Some First Nations police are saying Wednesday's bust of a drug ring police say was centred in Kanesatake sends a strong message to Canada's native territories.
About 36 people face weapons and drug charges in the wake of what police are calling Project Cleopatra.
The ring was being run out of Kanesatake, with drugs produced in the Montreal area, police allege.
Kanesatake is a Mohawk community about 30 kilometres outside of Montreal.
Police were all smiles when they talked about the results of Project Cleopatra at a press conference on Thursday in Montreal.
'Criminals cannot hide in their communities'
The busts send a strong message to criminals who feel they're untouchable inside Canada's First Nations territories, according to Gordon McGregor, chief of the Kitigan Zibi police force in Maniwaki.
"We've just proven that we can touch you, and we're going to be back. That's all we're saying," McGregor said.
McGregor says Project Cleopatra proves Quebec's co-ordination of native and non-native police teams is working. He says the rest of Canada should take notice.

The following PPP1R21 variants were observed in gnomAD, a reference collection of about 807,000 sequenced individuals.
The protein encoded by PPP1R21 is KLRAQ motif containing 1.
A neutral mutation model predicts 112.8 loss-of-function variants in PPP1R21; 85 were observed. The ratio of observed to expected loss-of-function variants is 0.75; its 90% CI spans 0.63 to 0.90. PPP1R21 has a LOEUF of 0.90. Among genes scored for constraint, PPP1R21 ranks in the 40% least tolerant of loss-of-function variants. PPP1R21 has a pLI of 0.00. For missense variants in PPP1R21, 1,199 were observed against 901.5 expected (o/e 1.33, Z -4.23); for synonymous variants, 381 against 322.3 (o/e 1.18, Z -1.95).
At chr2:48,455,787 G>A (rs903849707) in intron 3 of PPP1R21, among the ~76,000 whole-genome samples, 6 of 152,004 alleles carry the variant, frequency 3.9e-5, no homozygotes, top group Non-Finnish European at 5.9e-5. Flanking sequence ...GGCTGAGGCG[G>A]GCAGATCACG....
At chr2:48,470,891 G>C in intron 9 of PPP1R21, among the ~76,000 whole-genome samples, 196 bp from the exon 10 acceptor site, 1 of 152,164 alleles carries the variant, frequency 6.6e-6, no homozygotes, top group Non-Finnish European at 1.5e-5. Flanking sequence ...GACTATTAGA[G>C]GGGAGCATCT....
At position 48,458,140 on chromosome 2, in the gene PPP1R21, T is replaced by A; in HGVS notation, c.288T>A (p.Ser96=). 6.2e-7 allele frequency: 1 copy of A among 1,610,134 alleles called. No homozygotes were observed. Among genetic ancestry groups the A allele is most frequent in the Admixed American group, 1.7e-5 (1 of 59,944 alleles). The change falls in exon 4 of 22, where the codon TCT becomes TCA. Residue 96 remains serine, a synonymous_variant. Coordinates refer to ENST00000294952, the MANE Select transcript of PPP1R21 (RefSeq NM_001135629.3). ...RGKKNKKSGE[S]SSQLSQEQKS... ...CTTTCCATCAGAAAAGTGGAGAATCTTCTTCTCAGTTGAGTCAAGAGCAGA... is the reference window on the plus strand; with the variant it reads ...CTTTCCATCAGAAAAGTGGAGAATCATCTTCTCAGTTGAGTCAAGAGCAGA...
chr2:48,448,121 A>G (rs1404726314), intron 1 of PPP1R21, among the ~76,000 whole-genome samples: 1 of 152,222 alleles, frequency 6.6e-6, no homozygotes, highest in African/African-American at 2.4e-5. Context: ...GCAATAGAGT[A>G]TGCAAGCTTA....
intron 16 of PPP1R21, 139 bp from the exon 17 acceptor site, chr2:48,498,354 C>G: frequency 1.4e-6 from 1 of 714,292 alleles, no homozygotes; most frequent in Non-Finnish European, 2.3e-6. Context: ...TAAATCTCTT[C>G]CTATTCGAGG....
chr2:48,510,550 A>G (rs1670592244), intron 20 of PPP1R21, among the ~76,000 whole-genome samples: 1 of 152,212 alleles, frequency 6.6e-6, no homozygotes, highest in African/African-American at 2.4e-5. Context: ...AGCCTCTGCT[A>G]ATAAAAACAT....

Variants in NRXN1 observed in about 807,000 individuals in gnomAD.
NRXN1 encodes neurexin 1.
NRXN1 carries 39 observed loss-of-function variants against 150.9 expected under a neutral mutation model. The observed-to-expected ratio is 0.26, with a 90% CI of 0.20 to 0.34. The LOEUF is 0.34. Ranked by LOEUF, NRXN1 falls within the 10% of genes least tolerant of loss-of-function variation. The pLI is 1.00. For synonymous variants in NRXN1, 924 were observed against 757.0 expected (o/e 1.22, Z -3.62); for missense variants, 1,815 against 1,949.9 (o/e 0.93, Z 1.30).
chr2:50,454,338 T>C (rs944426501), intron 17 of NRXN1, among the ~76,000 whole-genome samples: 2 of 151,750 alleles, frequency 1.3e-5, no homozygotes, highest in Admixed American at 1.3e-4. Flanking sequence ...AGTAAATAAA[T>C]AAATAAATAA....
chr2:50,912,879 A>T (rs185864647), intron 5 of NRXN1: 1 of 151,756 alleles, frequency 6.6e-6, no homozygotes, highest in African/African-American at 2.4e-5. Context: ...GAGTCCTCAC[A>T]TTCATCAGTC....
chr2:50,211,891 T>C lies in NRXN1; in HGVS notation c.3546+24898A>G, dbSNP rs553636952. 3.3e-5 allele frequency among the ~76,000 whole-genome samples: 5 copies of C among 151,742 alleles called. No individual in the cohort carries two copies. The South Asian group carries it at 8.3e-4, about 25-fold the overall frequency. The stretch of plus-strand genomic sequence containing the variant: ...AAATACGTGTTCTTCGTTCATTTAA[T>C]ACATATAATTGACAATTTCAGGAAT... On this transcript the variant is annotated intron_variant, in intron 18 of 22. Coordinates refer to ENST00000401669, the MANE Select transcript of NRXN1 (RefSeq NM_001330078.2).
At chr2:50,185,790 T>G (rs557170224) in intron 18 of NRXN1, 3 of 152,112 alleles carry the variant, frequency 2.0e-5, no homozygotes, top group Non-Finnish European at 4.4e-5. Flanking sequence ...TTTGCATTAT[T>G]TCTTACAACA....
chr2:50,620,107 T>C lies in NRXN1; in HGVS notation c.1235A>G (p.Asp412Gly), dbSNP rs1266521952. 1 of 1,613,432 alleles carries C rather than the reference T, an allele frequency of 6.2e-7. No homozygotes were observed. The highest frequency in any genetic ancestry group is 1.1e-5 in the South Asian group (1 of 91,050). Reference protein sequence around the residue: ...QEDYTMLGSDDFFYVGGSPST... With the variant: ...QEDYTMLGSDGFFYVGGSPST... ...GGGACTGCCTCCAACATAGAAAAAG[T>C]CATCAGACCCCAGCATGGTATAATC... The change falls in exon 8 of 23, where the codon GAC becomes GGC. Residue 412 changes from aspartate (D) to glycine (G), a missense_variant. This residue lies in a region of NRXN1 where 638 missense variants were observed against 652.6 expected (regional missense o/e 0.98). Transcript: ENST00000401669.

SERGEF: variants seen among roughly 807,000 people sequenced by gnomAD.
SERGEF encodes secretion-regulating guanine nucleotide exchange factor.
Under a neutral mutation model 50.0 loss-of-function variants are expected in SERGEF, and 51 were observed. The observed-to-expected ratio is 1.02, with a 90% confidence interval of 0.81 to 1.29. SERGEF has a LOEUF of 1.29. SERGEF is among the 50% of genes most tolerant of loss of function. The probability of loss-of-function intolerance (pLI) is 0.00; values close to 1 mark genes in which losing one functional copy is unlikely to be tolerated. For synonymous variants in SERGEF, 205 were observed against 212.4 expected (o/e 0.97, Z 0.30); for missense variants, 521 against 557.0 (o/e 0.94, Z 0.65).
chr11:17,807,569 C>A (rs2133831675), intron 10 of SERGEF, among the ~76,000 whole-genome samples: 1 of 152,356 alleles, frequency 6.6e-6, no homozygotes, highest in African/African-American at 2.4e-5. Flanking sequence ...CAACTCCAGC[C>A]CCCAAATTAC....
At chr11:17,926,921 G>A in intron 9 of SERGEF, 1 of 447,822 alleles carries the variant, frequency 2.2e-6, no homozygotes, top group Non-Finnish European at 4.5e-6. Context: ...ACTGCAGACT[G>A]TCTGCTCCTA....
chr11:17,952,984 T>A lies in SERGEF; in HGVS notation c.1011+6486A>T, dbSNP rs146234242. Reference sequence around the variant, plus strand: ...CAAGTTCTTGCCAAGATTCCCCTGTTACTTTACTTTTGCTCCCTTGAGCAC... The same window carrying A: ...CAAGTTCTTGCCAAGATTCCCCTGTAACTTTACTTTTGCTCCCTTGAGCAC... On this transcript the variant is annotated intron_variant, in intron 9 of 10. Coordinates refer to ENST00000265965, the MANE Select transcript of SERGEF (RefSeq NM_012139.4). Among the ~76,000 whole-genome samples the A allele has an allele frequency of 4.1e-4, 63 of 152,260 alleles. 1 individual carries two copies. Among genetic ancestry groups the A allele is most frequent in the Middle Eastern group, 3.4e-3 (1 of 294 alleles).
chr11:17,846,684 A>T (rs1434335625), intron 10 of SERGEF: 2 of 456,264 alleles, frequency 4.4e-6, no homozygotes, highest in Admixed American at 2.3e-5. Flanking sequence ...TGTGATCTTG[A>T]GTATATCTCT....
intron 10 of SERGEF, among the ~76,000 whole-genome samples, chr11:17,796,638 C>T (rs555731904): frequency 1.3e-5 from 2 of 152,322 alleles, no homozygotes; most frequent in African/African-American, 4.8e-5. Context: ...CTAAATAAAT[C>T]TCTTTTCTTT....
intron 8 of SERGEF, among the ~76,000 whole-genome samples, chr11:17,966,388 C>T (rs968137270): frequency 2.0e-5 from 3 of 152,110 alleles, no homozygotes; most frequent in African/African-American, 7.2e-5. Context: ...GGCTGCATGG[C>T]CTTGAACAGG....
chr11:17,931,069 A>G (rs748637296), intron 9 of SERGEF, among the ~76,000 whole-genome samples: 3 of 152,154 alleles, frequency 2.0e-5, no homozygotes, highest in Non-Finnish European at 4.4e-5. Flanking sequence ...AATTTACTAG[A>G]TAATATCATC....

"We're telling our people that we can actually do our job," McGregor said.
Maniwaki is an Algonquin reserve near Maniwaki, Que.
"We're telling our people that criminals cannot hide in their communities anymore, and we're telling our young ones that crime doesn't pay, and we will be knocking on your door if you go that direction."
At the RCMP's downtown Montreal headquarters on Thursday morning, police showed off some of the guns and drugs netted in the raids.
RCMP Cpl. Sylvain L'Heureux described what police found in just one of the homes raided Wednesday:
- Ten identical black 9-mm pistols.
- Bags of Canadian and American money.
- Bags of marijuana and cocaine.
- Bullet-proof vests.
- Two pump-action shotguns.
- One full-auto assault rifle.
L'Heureux says the guns were well hidden.
"Most of these weapons were found loaded in a concealed compartment behind a wall that you needed a remote control to open the door," L'Heureux said.